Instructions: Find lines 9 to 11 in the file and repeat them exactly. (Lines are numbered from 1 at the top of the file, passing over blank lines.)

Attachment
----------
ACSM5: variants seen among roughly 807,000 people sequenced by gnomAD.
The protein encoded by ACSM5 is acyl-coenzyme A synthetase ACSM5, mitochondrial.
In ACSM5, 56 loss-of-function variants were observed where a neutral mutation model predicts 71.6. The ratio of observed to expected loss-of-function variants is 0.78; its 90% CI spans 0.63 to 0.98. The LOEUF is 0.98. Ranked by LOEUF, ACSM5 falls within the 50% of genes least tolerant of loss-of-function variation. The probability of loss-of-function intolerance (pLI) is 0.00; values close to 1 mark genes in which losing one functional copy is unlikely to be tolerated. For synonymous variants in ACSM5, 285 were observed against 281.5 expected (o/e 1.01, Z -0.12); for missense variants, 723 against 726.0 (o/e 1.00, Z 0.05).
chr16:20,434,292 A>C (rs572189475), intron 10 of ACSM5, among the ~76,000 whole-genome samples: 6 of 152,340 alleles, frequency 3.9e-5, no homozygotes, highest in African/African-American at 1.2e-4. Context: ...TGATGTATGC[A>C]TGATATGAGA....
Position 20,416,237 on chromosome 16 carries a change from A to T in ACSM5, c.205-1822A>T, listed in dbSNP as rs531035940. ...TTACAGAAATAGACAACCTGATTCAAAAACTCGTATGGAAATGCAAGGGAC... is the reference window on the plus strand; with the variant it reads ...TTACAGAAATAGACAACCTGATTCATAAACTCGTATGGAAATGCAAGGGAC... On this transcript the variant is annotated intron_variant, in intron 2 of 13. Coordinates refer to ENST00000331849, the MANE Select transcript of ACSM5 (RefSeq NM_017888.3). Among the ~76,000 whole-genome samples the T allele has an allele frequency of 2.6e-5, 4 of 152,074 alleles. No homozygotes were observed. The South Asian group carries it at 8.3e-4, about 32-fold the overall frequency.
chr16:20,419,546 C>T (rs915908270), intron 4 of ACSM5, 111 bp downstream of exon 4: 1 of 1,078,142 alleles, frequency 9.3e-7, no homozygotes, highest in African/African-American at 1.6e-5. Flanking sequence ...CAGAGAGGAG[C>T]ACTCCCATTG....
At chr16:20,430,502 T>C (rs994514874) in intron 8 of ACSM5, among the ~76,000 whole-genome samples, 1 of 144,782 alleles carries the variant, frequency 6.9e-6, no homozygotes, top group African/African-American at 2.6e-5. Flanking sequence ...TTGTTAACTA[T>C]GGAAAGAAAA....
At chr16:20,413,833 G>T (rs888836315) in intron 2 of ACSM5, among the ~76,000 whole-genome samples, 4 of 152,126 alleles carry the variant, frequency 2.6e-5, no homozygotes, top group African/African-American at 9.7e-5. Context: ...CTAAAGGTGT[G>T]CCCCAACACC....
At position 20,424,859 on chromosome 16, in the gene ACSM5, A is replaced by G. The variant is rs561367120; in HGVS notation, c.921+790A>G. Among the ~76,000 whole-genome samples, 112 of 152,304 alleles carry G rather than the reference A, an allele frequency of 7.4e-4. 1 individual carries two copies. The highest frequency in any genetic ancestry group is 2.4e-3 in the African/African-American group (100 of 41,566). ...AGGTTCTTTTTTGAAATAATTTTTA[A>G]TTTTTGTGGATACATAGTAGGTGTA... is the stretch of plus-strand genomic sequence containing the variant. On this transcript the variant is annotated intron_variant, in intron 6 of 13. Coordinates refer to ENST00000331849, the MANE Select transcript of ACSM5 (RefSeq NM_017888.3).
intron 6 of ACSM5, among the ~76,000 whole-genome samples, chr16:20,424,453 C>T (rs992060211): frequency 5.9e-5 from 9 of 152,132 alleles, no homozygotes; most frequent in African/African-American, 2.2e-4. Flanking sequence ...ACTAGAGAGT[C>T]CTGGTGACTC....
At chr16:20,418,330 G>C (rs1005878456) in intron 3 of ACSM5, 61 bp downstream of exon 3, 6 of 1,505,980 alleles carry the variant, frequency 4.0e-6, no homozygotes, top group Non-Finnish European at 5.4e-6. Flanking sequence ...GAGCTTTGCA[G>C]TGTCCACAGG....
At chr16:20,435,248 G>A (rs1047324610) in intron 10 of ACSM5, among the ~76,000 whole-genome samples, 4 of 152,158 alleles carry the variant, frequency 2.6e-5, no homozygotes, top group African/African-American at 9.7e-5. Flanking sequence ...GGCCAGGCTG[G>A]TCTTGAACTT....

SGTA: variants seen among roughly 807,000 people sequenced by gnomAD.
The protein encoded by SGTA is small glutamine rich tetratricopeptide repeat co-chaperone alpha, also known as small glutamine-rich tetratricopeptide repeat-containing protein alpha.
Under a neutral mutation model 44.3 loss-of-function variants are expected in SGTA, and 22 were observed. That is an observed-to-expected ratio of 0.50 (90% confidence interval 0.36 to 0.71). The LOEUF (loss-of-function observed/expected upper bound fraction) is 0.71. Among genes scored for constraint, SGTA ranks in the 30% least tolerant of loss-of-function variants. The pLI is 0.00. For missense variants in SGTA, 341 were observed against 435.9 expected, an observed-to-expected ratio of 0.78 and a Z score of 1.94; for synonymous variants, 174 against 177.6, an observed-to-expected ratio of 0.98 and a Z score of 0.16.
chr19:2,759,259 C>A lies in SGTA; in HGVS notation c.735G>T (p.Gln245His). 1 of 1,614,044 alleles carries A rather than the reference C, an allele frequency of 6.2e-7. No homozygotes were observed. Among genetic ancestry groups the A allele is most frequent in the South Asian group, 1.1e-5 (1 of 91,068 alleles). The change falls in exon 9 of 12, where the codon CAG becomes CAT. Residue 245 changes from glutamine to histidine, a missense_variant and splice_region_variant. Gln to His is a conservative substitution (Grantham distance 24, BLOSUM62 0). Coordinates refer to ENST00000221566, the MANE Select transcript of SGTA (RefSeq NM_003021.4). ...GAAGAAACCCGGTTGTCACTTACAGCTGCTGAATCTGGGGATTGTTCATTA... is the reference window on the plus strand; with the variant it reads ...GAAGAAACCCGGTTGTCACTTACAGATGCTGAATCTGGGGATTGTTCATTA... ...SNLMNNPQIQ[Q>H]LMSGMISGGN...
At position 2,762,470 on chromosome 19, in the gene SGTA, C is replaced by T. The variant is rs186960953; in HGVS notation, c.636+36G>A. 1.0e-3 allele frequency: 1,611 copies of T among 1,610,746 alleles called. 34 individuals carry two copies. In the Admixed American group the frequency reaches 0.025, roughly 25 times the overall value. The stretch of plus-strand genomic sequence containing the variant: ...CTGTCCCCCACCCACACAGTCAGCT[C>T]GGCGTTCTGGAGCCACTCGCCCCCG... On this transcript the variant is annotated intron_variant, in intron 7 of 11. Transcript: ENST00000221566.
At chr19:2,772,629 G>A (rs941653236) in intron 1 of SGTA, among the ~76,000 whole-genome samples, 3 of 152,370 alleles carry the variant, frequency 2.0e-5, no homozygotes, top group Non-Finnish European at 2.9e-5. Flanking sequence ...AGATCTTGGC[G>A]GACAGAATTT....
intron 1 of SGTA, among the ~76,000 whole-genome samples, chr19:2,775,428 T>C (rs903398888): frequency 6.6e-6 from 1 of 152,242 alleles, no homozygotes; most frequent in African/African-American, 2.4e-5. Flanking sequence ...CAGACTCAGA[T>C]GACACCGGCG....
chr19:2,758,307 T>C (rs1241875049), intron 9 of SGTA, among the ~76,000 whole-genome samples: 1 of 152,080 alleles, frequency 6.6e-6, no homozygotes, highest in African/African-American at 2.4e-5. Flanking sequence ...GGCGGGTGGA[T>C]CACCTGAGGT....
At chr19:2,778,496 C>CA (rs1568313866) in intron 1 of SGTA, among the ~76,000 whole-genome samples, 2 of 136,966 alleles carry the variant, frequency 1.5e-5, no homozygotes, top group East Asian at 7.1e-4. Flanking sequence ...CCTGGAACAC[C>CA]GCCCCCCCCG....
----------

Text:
At position 20,424,859 on chromosome 16, in the gene ACSM5, A is replaced by G. The variant is rs561367120; in HGVS notation, c.921+790A>G. Among the ~76,000 whole-genome samples, 112 of 152,304 alleles carry G rather than the reference A, an allele frequency of 7.4e-4. 1 individual carries two copies. The highest frequency in any genetic ancestry group is 2.4e-3 in the African/African-American group (100 of 41,566). ...AGGTTCTTTTTTGAAATAATTTTTA[A>G]TTTTTGTGGATACATAGTAGGTGTA... is the stretch of plus-strand genomic sequence containing the variant. On this transcript the variant is annotated intron_variant, in intron 6 of 13. Coordinates refer to ENST00000331849, the MANE Select transcript of ACSM5 (RefSeq NM_017888.3).
intron 6 of ACSM5, among the ~76,000 whole-genome samples, chr16:20,424,453 C>T (rs992060211): frequency 5.9e-5 from 9 of 152,132 alleles, no homozygotes; most frequent in African/African-American, 2.2e-4. Flanking sequence ...ACTAGAGAGT[C>T]CTGGTGACTC....
At chr16:20,418,330 G>C (rs1005878456) in intron 3 of ACSM5, 61 bp downstream of exon 3, 6 of 1,505,980 alleles carry the variant, frequency 4.0e-6, no homozygotes, top group Non-Finnish European at 5.4e-6. Flanking sequence ...GAGCTTTGCA[G>C]TGTCCACAGG....